Always in Transition: A Monarch’s Life

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Photo credit: kidzone.ws.

Monarch butterflies are extraordinary creatures.  Because they cannot withstand freezing temperatures and because their larval food plants only grow in colder climates, they are forced to migrate roughly 4,000 miles round trip each year, covering 80 miles per day.  Chances are, if you see a monarch butterfly, it’s in transition.  When it stops, it’s not trying to settle down, locate a shade tree, and find a good place to sip nectar and raise a family; it’s just a pause in the journey.  

I’ve had a monarch’s life.  I grew up in the Air Force and have moved seventeen times.  Most people look horrified when I tell them this, but I’ve always loved moving as I love turning to a clean page in my journal.  Life’s a stage, and each act of my play has had a new set.  

Six years ago, however, I decided to hang up my butterfly wings so that we could settle down, locate a nice house, and raise a family.  It felt strange, but I would adjust, I thought.  When I learned that the family would never come, I remembered my wings.  I felt an overwhelming, strangling restlessness, wanting to leave, to move, to travel.  The beautiful three-bedroom house that I had carefully decorated was a chain around my neck holding me down.  I got a Masters degree and a new position at work, but it wasn’t enough.  It was time to migrate.

In six weeks, Tim and I will be moving to Escondido, California so that he can begin seminary.  We’re both excited, but I can’t remember how to finish.  I don’t want to just leave.  I want to make goodbyes meaningful and I want to come full circle at work and church and home, and I want everything to end perfectly.  I can’t remember how to begin, either.  I remember hating church visiting.  And I have to prove myself all over to a new group of kids whose older siblings I did not teach.  I’ve been sedentary too long and I’ve forgotten my migration pattern.  Hopefully, I never will forget again.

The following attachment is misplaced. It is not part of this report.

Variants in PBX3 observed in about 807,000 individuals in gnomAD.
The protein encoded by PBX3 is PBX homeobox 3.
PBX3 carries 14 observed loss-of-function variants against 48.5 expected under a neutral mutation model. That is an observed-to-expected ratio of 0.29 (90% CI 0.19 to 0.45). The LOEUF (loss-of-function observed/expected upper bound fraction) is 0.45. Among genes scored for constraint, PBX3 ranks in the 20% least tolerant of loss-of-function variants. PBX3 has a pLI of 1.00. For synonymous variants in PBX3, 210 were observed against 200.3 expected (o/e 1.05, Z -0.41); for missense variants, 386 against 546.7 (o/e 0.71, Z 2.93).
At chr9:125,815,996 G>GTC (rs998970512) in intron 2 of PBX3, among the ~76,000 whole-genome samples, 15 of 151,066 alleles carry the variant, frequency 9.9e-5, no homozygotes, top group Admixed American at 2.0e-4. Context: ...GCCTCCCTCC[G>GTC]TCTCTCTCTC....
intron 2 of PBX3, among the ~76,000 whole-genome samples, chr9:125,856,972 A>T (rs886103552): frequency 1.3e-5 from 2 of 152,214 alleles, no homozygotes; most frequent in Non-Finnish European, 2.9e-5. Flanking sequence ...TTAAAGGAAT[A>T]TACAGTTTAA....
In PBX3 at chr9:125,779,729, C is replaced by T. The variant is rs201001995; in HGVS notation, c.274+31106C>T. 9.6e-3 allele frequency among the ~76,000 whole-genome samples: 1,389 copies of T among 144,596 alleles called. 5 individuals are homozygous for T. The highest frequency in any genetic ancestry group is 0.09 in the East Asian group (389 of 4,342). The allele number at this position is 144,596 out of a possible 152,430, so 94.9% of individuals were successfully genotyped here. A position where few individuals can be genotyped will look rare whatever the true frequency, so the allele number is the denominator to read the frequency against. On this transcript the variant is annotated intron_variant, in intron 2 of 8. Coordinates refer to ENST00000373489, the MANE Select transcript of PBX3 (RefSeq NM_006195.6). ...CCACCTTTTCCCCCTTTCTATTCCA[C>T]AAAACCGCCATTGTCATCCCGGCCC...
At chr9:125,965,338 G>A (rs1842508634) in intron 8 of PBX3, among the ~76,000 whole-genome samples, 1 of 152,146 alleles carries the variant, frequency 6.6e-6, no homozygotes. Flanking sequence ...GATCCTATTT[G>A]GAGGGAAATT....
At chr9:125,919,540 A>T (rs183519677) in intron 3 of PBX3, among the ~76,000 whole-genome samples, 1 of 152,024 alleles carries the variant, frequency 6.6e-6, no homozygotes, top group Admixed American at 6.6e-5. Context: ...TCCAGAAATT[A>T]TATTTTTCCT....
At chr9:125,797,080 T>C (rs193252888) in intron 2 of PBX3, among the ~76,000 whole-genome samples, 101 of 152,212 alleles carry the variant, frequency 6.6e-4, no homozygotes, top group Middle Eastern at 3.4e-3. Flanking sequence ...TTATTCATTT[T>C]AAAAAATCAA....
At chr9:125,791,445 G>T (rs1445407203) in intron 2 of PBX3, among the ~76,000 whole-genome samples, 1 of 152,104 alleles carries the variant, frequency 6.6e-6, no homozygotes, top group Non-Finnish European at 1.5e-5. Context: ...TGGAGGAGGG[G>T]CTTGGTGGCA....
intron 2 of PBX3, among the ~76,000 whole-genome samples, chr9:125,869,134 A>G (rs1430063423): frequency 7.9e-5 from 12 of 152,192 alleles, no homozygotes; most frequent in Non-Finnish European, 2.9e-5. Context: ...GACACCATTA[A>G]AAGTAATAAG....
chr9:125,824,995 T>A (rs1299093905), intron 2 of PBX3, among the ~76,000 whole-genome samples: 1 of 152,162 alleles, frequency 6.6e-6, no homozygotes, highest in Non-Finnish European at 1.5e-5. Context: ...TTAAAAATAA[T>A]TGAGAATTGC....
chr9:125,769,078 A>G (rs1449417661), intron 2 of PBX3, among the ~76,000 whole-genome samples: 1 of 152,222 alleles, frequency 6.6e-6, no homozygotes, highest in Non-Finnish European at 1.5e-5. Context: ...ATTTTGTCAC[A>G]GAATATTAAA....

Do you feel sorry for the monarch butterfly’s gypsy life?  I don’t.  I think he’s the smartest creature of all.  Not belonging anywhere is a small price to pay for having all worlds belong to you.

 

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2 thoughts on “Always in Transition: A Monarch’s Life

  1. I moved many times when I lived with my parents as well. I must say I have more negative feelings towards it than you seem to, and I don’t want to move far again if I can avoid it, but I must say I’ve never heard the experience described so beautifully.

    • I definitely experienced a lot of negative emotions in our move out to California, but I am trying to stay focused on the positive. Thank you very much for your kind words and for taking the time to stop by and read my post!

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